Dawkins, Richard; The Selfish Gene. New York: Oxford University Press, 1976.

Dawes, R. M. (1980). "Social dilemmas". Annual Review of Psychology 31: 169–193.

Dixit, Avinish and Susan Skeath; Games of Strategy. New York: W. W. Norton & Company, 1999.

Felkins, Leon; "The Voter's Paradox" online at this and other sites.

Information on Patrick Gunning's book, UNDERSTANDING DEMOCRACY: An Introduction to Public Choice

Gauthier, David. Morals by Agreement. Clarendon Press, Oxford. 1986

Glance, Natalie and Huberman, Bernardo; "Dynamics of social dilemmas". Scientific American. March, 1994 (See their page on Dynamics for some of their computer simulation results)

Green, Donald P. and Shapiro, Ian. Pathologies of Rational Choice Theory. Yale University Press, New Haven, 1994

Hardin, Garrett, "The Tragedy of the Commons", Science, 162:1243-1248, 1968.

Hardin, Russell, Collective Action, Johns Hopkins University Press, Baltimore, 1982.

Heller, Joseph. Catch-22. Simon & Schuster, New York, 1961

Hinich, Melvin J. and Munger, Michael C., Ideology and the Theory of Political Choice, University of Michigan Press, Ann Arbor, 1994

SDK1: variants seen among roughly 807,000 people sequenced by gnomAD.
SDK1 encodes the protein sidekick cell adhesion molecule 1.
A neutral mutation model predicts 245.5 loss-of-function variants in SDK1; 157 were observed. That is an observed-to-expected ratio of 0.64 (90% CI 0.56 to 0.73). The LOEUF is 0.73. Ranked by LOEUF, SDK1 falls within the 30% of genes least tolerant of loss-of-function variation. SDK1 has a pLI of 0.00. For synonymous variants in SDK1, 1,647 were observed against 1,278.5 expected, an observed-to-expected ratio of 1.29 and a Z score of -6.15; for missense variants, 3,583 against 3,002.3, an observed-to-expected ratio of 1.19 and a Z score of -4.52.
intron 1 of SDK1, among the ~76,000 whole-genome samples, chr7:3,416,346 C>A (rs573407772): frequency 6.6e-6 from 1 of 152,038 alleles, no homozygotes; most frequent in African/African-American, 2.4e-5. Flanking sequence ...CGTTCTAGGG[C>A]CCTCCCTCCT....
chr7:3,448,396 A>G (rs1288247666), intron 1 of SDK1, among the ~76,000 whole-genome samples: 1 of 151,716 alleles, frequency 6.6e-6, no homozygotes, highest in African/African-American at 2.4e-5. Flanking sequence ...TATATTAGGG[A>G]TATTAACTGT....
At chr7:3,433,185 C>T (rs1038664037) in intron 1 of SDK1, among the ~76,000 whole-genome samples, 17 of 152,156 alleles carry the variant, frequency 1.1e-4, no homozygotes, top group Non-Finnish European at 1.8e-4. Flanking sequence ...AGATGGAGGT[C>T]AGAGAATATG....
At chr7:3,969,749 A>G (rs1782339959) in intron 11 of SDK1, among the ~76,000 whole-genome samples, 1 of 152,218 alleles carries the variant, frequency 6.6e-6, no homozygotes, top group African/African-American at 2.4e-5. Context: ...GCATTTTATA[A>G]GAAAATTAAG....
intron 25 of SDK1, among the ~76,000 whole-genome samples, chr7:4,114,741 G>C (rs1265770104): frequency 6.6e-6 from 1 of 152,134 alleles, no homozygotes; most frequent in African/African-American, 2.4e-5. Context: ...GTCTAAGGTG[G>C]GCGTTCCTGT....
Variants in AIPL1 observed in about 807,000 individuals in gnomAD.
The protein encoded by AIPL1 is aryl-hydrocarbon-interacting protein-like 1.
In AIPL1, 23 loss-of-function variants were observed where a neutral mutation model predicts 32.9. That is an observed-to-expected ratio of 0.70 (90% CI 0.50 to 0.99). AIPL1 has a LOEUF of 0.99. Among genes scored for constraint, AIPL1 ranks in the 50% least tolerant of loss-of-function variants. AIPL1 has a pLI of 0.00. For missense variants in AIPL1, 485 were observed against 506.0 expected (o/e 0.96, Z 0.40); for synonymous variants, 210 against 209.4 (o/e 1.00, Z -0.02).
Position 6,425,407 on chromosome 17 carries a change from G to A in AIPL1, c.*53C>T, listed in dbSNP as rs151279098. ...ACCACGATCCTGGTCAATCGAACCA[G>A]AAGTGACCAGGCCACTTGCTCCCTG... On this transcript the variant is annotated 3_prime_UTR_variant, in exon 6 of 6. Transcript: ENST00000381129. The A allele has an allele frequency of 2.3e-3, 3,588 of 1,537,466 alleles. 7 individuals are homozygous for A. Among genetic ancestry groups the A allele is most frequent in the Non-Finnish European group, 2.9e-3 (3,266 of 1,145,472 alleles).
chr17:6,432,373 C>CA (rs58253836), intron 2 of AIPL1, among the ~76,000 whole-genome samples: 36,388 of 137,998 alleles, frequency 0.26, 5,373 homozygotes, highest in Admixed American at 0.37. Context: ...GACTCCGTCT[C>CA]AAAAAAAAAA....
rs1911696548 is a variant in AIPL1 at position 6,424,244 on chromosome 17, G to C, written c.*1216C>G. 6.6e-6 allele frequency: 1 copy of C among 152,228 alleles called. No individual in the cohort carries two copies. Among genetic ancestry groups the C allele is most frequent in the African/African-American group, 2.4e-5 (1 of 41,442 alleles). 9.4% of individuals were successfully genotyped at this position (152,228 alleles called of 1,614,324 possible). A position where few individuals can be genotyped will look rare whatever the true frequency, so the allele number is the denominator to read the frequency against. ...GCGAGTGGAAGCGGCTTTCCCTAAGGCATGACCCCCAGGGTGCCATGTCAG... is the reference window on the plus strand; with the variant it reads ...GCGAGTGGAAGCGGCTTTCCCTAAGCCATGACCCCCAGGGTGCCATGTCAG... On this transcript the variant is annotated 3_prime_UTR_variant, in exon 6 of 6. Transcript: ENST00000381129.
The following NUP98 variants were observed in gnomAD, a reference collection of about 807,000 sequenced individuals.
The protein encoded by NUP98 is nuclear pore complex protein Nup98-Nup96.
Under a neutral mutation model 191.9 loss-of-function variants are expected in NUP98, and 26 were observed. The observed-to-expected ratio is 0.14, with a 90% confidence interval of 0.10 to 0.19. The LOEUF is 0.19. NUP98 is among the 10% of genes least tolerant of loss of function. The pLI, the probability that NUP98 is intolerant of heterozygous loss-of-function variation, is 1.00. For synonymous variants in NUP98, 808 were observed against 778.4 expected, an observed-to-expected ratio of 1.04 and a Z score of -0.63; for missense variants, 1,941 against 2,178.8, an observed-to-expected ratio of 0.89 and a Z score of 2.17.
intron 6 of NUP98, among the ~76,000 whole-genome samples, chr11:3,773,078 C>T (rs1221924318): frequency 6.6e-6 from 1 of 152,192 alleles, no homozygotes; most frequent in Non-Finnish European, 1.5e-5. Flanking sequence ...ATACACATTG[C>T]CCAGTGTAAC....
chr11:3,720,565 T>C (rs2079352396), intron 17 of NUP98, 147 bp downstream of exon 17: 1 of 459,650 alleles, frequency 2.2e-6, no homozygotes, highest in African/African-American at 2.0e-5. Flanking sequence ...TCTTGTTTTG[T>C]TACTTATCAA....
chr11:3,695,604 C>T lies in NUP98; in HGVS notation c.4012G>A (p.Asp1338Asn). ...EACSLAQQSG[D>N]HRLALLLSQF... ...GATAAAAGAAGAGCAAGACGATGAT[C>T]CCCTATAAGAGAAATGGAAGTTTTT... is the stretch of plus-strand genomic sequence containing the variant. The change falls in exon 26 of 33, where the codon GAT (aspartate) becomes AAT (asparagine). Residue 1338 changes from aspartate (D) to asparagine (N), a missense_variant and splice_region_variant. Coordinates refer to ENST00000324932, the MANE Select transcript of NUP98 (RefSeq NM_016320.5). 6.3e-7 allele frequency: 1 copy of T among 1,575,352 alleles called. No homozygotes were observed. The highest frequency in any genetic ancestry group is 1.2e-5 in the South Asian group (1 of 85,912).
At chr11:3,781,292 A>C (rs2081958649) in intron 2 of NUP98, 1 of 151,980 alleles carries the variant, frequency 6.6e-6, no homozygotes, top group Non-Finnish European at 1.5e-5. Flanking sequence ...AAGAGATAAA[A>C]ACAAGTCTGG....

John O. Ledyard's Public Goods: A Survey of Experimental Research, 1994

Lichbach, Mark Irving. The Cooperator's Dilemma. University of Michigan Press, Ann Arbor, 1996.

Lomasky, Loren; "The Booth and Consequences". Reason. November, 1992. A copy is online here.

Monroe, Kristen Renwick (Editor). The Economic Approach to Politics. Harper Collins, New York, 1991.

Myerson, Roger B.: "NASH EQUILIBRIUM AND THE HISTORY OF ECONOMIC THEORY", March 1999, on the web at

Nasar, Sylvia. 1998. A Beautiful Mind. New York: Simon & Schuster.

Olson, Mancur. The Logic of Collective Action. Harvard University Press. 1971

Ostrom, Elinor. Governing the Commons. Cambridge University Press, New York, 1990

Parfit, Derek: Reasons and Persons. Clarendon Press. Oxford. 1984.

Rheingold, Howard: Literacy of Cooperation Lecture Videos, 2005, Video presentations by Rheingold, Saveri, Kollock, Hartzog, Corning, Wales, Weber, Mayfield, Rosen and Huberman. [The esay way to learn about Social Dilemmas!]

Ridley, Matt: The Origins of Virtue: Human Instincts and the Evolution of Cooperation. Viking Penguin, New York. 1997

Sandler, Todd: Collective Action. University of Michigan Press. 1992

Saari, Donald G.: Web page at has some interesting papers on the problems and paradoxes of voting. [Oh, well, it used to. You might try Google search for 'voting' and 'Saari'.]

Eivind Tøstesen's Masters Thesis on the Dynamics of Hierarchically Clustered Cooperating Agents.

Tullock, Gordon; Seldon, Arthur and Brady, Gordon L.: Government Failure. Cato Institute. 2002

Tuomela, Raimo: "On the structural aspects of collective action and free-riding", Theory and Decision 32 (1992) , 165-202.

Tuomela, Raimo: Cooperation, Kluwer. 2000 (The first chapter and the Table of Contents plus other related essays are online at Dr. Tuomela's home page.)